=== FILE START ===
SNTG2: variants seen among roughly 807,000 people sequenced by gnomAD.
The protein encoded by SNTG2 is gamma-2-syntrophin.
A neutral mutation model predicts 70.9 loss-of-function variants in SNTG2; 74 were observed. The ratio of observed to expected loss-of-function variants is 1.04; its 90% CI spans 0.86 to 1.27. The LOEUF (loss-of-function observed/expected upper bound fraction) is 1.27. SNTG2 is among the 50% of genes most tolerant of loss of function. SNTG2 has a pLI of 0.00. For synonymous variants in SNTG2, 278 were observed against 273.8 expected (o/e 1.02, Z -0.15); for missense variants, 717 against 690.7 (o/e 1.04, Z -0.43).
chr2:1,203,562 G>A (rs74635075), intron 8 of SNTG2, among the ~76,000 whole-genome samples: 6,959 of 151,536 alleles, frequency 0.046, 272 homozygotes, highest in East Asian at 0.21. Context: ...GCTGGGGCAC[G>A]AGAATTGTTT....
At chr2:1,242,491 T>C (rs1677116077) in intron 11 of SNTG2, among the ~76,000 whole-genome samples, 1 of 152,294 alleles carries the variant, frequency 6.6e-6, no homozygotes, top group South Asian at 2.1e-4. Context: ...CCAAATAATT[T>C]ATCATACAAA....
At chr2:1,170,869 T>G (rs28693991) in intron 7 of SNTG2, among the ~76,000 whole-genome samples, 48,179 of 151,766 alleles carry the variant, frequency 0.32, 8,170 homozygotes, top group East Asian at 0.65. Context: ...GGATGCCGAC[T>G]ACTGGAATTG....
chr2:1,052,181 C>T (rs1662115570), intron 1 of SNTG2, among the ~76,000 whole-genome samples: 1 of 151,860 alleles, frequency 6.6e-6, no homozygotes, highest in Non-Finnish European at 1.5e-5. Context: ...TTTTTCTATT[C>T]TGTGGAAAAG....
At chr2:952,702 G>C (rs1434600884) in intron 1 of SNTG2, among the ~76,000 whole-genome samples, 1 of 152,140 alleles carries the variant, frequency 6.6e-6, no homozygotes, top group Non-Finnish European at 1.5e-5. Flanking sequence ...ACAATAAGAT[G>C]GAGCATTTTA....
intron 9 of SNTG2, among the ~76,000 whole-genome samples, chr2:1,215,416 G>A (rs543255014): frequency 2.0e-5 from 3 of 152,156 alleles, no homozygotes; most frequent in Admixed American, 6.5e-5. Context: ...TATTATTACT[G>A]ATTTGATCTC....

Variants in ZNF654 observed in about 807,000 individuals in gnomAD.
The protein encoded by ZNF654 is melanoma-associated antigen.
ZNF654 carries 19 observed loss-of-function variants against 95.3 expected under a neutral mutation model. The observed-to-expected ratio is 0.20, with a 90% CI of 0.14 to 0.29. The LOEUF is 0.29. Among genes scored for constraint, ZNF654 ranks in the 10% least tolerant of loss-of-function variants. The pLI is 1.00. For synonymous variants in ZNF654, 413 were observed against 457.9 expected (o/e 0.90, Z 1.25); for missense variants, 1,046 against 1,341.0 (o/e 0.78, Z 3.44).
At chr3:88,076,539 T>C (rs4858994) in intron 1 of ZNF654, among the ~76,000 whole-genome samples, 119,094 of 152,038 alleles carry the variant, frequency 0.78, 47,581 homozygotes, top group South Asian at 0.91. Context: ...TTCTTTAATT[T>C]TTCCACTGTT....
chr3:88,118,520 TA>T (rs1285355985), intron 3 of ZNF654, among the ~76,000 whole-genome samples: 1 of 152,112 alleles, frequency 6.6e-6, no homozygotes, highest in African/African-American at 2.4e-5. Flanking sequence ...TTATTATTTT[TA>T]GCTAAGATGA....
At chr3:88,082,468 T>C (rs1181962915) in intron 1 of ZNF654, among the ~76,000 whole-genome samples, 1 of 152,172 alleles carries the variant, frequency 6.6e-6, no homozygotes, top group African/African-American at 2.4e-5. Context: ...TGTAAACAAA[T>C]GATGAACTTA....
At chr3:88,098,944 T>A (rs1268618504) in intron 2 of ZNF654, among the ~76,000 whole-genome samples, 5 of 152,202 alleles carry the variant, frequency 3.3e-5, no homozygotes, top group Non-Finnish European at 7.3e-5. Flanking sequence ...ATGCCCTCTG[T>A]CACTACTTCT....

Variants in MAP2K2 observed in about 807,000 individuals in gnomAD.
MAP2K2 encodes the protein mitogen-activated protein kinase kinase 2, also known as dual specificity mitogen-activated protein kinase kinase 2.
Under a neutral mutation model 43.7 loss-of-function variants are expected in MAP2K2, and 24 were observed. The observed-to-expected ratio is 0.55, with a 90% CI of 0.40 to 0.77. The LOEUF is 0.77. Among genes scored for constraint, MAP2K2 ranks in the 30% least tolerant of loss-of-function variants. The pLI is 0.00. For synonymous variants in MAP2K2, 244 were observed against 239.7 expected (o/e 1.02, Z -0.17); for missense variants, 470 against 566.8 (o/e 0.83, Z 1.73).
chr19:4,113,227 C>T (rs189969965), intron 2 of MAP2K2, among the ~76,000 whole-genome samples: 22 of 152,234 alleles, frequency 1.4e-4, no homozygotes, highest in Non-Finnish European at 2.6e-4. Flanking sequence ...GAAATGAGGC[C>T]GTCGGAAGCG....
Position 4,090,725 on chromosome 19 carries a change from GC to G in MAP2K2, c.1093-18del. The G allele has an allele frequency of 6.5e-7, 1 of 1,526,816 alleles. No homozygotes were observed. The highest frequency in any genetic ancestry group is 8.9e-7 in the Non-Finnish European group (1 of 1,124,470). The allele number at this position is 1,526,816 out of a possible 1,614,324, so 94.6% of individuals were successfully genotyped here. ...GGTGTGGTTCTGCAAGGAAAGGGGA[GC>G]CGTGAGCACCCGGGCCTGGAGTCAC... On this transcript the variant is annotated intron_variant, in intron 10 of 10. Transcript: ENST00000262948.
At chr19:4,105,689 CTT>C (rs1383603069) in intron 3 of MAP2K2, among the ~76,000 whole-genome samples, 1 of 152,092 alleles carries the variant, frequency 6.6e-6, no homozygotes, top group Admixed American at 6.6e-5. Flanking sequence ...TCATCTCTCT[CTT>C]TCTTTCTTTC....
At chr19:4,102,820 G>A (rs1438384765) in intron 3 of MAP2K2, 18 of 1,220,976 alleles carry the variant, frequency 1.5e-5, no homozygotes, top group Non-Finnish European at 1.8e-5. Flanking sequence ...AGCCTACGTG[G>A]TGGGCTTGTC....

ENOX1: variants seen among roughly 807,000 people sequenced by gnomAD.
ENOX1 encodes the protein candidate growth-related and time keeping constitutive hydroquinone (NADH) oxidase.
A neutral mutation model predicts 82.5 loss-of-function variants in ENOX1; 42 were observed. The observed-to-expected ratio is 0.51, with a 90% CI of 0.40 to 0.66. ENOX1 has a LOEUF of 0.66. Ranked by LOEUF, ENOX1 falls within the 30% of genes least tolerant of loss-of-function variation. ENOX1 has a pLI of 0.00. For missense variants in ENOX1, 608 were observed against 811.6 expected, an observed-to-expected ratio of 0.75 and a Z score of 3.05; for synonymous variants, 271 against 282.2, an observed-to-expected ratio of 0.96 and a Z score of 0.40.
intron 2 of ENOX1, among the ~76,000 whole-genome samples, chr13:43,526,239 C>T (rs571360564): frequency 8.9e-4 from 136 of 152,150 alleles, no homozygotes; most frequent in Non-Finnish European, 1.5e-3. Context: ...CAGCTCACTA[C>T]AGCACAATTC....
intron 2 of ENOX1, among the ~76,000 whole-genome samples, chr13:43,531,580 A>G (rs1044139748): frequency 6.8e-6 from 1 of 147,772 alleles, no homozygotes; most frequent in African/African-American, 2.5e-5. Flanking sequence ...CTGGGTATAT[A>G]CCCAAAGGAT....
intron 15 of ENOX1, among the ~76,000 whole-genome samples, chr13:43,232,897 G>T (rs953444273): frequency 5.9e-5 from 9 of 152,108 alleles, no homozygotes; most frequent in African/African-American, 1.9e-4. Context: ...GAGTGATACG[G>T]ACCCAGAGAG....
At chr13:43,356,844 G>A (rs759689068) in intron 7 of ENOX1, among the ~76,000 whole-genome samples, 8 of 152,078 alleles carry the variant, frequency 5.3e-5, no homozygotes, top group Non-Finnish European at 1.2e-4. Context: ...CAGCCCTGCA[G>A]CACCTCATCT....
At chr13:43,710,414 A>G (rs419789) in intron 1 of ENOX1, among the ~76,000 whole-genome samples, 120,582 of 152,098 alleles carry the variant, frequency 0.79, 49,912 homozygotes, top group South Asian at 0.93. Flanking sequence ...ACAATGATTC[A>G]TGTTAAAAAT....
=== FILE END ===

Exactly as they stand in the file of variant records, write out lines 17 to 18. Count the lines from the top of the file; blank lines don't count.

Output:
Variants in MAP2K2 observed in about 807,000 individuals in gnomAD.
MAP2K2 encodes the protein mitogen-activated protein kinase kinase 2, also known as dual specificity mitogen-activated protein kinase kinase 2.